Sustained funding needed to ensure quality care for people living with dementia

Dementia Australia is calling for support of three crucial initiatives to build on existing measures designed to deliver quality care and inclusion for people living with dementia. 

The three initiatives outlined in Dementia Australia’s 2022-23 Federal Pre-Budget Submission are focused on the introduction of compulsory dementia education for aged care workers, the establishment of a national dementia palliative care program and renewed funding for the Dementia-Friendly Communities program, which won the community engagement category in the 2021 Future of Ageing Awards – Read more.

Speaking today at an online Parliamentary Friends of Dementia event, Dementia Australia CEO Maree McCabe AM said whilst many of the key priorities in The Roadmap for Quality Dementia Care have been supported by the government through the current aged care reform process and the 2021 Federal Budget, there is still much to be done.


“Dementia Australia is asking for funding for three priority areas in the 2022-23 Federal Budget to ensure everyone receives the standard of care we would all expect for ourselves.”

Jenni Lawson, who is living with Lewy body disease with Parkinsonian features, used today’s event to share how important it is for her to have support workers who have been appropriately educated in dementia.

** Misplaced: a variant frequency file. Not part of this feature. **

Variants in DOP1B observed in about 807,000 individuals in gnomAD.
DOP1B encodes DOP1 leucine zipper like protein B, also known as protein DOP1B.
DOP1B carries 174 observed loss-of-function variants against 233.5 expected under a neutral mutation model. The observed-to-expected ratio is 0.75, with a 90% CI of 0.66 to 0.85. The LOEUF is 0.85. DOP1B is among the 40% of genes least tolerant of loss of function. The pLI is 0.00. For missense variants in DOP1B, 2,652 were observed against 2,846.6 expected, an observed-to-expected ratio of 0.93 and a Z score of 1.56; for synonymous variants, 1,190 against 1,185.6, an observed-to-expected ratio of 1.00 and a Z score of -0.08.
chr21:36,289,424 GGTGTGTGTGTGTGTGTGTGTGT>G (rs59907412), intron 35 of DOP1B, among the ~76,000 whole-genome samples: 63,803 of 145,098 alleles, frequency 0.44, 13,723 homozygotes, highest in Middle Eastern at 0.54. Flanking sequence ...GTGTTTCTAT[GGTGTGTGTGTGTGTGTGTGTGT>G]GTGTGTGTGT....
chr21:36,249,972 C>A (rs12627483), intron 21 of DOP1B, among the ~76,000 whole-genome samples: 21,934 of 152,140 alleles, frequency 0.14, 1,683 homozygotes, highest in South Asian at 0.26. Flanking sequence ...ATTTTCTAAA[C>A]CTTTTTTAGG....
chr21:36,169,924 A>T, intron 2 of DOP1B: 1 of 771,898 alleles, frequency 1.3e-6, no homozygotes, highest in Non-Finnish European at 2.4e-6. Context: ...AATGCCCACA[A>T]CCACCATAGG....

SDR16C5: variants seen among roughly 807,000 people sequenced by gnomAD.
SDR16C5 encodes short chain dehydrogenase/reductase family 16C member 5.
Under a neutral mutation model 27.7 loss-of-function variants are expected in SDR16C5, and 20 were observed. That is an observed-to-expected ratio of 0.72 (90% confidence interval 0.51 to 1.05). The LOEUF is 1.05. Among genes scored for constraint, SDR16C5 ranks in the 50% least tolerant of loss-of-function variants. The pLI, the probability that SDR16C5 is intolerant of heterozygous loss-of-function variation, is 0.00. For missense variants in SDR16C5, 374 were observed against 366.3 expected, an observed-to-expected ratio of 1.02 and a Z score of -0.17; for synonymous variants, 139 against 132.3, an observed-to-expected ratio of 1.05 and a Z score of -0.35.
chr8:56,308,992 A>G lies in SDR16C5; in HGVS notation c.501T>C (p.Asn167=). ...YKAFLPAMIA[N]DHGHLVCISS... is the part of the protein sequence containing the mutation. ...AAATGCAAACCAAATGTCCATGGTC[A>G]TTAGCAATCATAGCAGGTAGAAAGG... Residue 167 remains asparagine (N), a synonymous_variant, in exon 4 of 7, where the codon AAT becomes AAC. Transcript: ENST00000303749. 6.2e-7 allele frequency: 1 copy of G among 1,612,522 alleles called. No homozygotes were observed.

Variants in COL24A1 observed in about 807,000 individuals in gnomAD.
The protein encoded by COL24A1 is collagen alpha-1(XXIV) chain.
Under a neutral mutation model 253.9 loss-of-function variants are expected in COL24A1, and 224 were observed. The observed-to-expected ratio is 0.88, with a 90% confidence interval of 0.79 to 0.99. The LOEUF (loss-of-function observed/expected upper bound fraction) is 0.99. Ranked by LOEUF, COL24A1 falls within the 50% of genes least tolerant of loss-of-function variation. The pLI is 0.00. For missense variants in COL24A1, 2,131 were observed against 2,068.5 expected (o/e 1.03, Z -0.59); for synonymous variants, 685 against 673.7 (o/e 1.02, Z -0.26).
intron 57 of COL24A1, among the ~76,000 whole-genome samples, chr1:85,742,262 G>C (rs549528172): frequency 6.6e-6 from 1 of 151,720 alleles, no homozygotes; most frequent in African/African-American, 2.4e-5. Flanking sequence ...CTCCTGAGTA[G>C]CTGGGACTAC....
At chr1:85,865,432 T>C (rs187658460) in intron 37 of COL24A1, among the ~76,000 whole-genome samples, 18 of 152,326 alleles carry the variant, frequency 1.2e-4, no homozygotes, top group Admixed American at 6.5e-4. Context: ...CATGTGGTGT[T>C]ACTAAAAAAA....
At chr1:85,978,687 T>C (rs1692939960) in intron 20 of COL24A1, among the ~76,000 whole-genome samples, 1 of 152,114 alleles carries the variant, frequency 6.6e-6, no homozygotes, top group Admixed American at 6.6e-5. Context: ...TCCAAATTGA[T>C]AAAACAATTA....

“People with dementia all have a story, a background, a history, they still deserve a place in our families and in our community,” Ms Lawson said.

“They deserve respect, and to have capable, informed people caring for them.”

Dementia Australia’s 2022-23 Federal Pre-Budget Submission calls for compulsory dementia education for the aged care workforce through investment in training and education programs and tools. 

Coralee Milne, whose father John lived with vascular dementia and was a client of Dementia Australia’s palliative care Nightingale program, said the program was there for her family when they needed it the most.

“Dementia is traumatic for families who are suddenly caring for a loved one and have little to no experience with the steps and progression ahead,” Coralee said.

“This is where the Nightingale program is so important and comes into play.

“They can sit down with the family, be supportive and explain what is happening and what to expect with every situation being different.”

The Nightingale program is currently only funded in South Australia. Dementia Australia is requesting funding to deliver the program across Australia. The program was awarded highly-commended in the 2020 Future of Ageing Awards – Read more about the program here.

Ms McCabe said the last initiative Dementia Australia is seeking support for is renewed funding for its Dementia-Friendly Communities program.

“Since its inception in 2016, the program has inspired the involvement of 33,000 Dementia Friends, including more than 4,500 people living with dementia, their families and carers,” Ms McCabe said.

“The program team work closely with an increasing number of Dementia Alliances, Dementia-Friendly organisations and more than 100 Dementia Hosts.

“Together they are changing the way we all think about dementia by empowering people living with dementia to live with purpose.”

A summary of Dementia Australia’s 2022-23 Federal Pre-Budget Submission is available at dementia.org.au   

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